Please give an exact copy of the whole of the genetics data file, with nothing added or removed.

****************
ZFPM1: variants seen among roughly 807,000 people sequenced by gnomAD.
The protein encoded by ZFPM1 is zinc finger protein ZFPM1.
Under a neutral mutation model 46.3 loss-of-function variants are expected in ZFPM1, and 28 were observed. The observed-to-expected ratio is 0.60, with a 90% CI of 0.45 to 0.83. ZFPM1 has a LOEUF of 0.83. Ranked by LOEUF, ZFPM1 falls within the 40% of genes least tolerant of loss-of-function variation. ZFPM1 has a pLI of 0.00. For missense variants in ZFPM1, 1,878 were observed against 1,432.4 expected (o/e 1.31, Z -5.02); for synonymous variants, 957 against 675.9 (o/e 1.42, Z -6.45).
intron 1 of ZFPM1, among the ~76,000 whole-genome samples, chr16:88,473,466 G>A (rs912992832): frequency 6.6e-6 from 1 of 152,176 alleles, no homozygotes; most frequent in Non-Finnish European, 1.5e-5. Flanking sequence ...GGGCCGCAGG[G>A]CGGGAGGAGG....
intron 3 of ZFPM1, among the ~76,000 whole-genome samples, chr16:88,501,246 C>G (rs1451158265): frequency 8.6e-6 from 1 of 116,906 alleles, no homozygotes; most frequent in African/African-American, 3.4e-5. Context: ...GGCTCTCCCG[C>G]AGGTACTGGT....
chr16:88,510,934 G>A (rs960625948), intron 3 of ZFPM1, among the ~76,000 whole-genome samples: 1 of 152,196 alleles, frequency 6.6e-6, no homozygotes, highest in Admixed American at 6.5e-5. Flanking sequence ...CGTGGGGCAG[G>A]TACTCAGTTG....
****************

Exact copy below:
ZFPM1: variants seen among roughly 807,000 people sequenced by gnomAD.
The protein encoded by ZFPM1 is zinc finger protein ZFPM1.
Under a neutral mutation model 46.3 loss-of-function variants are expected in ZFPM1, and 28 were observed. The observed-to-expected ratio is 0.60, with a 90% CI of 0.45 to 0.83. ZFPM1 has a LOEUF of 0.83. Ranked by LOEUF, ZFPM1 falls within the 40% of genes least tolerant of loss-of-function variation. ZFPM1 has a pLI of 0.00. For missense variants in ZFPM1, 1,878 were observed against 1,432.4 expected (o/e 1.31, Z -5.02); for synonymous variants, 957 against 675.9 (o/e 1.42, Z -6.45).
intron 1 of ZFPM1, among the ~76,000 whole-genome samples, chr16:88,473,466 G>A (rs912992832): frequency 6.6e-6 from 1 of 152,176 alleles, no homozygotes; most frequent in Non-Finnish European, 1.5e-5. Flanking sequence ...GGGCCGCAGG[G>A]CGGGAGGAGG....
intron 3 of ZFPM1, among the ~76,000 whole-genome samples, chr16:88,501,246 C>G (rs1451158265): frequency 8.6e-6 from 1 of 116,906 alleles, no homozygotes; most frequent in African/African-American, 3.4e-5. Context: ...GGCTCTCCCG[C>G]AGGTACTGGT....
chr16:88,510,934 G>A (rs960625948), intron 3 of ZFPM1, among the ~76,000 whole-genome samples: 1 of 152,196 alleles, frequency 6.6e-6, no homozygotes, highest in Admixed American at 6.5e-5. Flanking sequence ...CGTGGGGCAG[G>A]TACTCAGTTG....